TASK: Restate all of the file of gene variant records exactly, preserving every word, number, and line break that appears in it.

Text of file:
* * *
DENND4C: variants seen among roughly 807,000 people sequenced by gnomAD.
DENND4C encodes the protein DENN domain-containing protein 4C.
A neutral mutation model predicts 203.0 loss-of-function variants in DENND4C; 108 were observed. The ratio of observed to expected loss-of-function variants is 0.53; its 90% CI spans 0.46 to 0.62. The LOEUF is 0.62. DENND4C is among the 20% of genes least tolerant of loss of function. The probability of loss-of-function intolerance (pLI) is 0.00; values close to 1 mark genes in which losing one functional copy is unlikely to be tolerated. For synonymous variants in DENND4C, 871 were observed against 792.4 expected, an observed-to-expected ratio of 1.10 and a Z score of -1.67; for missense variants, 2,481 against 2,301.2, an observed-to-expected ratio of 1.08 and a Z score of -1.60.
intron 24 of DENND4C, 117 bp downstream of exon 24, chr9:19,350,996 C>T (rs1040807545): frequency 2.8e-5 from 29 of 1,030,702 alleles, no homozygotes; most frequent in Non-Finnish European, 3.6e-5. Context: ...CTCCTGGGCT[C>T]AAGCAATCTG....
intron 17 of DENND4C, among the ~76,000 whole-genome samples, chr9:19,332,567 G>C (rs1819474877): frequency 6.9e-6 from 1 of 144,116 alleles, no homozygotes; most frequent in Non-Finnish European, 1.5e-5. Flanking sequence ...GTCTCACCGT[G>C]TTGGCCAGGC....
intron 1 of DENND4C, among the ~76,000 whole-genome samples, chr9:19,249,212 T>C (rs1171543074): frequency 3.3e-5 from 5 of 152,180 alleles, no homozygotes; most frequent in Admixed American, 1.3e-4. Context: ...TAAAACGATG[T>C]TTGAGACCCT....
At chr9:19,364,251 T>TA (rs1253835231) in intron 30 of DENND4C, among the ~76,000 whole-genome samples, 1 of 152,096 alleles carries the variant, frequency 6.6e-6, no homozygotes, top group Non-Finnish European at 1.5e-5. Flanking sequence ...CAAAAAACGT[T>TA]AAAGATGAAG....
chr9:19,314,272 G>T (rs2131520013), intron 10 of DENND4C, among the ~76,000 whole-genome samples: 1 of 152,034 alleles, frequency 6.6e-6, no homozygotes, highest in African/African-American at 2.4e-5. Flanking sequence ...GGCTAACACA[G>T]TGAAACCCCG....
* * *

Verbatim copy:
DENND4C: variants seen among roughly 807,000 people sequenced by gnomAD.
DENND4C encodes the protein DENN domain-containing protein 4C.
A neutral mutation model predicts 203.0 loss-of-function variants in DENND4C; 108 were observed. The ratio of observed to expected loss-of-function variants is 0.53; its 90% CI spans 0.46 to 0.62. The LOEUF is 0.62. DENND4C is among the 20% of genes least tolerant of loss of function. The probability of loss-of-function intolerance (pLI) is 0.00; values close to 1 mark genes in which losing one functional copy is unlikely to be tolerated. For synonymous variants in DENND4C, 871 were observed against 792.4 expected, an observed-to-expected ratio of 1.10 and a Z score of -1.67; for missense variants, 2,481 against 2,301.2, an observed-to-expected ratio of 1.08 and a Z score of -1.60.
intron 24 of DENND4C, 117 bp downstream of exon 24, chr9:19,350,996 C>T (rs1040807545): frequency 2.8e-5 from 29 of 1,030,702 alleles, no homozygotes; most frequent in Non-Finnish European, 3.6e-5. Context: ...CTCCTGGGCT[C>T]AAGCAATCTG....
intron 17 of DENND4C, among the ~76,000 whole-genome samples, chr9:19,332,567 G>C (rs1819474877): frequency 6.9e-6 from 1 of 144,116 alleles, no homozygotes; most frequent in Non-Finnish European, 1.5e-5. Flanking sequence ...GTCTCACCGT[G>C]TTGGCCAGGC....
intron 1 of DENND4C, among the ~76,000 whole-genome samples, chr9:19,249,212 T>C (rs1171543074): frequency 3.3e-5 from 5 of 152,180 alleles, no homozygotes; most frequent in Admixed American, 1.3e-4. Context: ...TAAAACGATG[T>C]TTGAGACCCT....
At chr9:19,364,251 T>TA (rs1253835231) in intron 30 of DENND4C, among the ~76,000 whole-genome samples, 1 of 152,096 alleles carries the variant, frequency 6.6e-6, no homozygotes, top group Non-Finnish European at 1.5e-5. Flanking sequence ...CAAAAAACGT[T>TA]AAAGATGAAG....
chr9:19,314,272 G>T (rs2131520013), intron 10 of DENND4C, among the ~76,000 whole-genome samples: 1 of 152,034 alleles, frequency 6.6e-6, no homozygotes, highest in African/African-American at 2.4e-5. Flanking sequence ...GGCTAACACA[G>T]TGAAACCCCG....